Next: huckleberries! Yum yum. My mother has a war story from her early years in the area about a legendary huckleberry patch at Lamb Creek, south of Nordman, where one year when I was too young to know what was going on the huckleberries were like cherries weighing down the tree, so goes the tale. Apparently gallons just fell into your bucket as you ambled from one heavily laden bush to the next. I have no doubt every word is true, but never in my long years of huckleberry picking have I ever come across such a patch. Huckleberries in my experience require resolve, determination, patience and a picnic basket with coffee and muffins. If I ever came across a patch like my mother described I’d go hog wild and fill the freezer so full of berries nothing else would fit in it for a couple years at least. Those of you who know the delights of huckleberry coffee cake and the agony of having your frozen berries run out in February will understand my reasoning without further explanation.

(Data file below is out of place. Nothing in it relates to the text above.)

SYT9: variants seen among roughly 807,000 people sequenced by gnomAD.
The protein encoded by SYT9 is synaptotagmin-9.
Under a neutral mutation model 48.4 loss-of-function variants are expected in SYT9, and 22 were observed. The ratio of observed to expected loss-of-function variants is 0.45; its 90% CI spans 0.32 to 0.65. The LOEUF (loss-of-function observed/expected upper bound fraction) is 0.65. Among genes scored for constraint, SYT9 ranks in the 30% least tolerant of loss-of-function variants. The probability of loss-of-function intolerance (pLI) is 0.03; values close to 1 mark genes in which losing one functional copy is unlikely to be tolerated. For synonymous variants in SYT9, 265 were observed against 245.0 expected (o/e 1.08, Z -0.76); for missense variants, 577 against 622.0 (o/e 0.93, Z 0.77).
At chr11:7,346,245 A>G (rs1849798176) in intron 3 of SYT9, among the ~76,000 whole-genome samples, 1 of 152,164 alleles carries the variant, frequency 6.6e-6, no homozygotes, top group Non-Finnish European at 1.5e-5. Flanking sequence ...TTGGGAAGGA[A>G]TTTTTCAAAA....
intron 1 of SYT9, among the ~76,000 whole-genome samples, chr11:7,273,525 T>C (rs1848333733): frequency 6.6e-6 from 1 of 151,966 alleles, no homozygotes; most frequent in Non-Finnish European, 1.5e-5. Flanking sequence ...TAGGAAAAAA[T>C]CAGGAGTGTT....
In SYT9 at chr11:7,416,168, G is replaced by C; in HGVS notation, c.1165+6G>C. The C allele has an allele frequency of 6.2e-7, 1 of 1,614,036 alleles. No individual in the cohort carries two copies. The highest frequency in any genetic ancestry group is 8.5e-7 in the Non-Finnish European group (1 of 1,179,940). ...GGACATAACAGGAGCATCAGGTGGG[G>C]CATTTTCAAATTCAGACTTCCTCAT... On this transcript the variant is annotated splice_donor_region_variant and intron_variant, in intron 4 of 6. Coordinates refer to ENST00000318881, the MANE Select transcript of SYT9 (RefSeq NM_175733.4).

The first pic in the second row is monkshood — Aconitum columbianum. The USDA plant profile page is here. As can sometimes be the case with our botanical chums, what looks pretty can be deadly to us mammalian sorts, and Aconitum is decidedly on the don’t-mess-with-me list. Acotinine and its related alkaloids are both cardiotoxic and neurotoxic — two toxicities for the price of one, woohoo! You just need to absorb that fact, let it sink into the recesses of your long-term memory so it blips across your mental screen when you meet a monkshood, then carry on enjoying the lovely foliage and the stunning flowers. The color is superb, one gets so few wildflowers in that part of the world of a deep blue or purple. Seeing a spray of the flowers in full bloom is cause enough for me to stop in my tracks and gawk a good long while. And btw I’ve never once found myself seized by an uncontrollable urge to chomp a monkshood when I came across one, so don’t worry, they haven’t an aggressive bone in their body. If they wore T-shirts I’m sure they would say “LIVE AND LET LIVE.”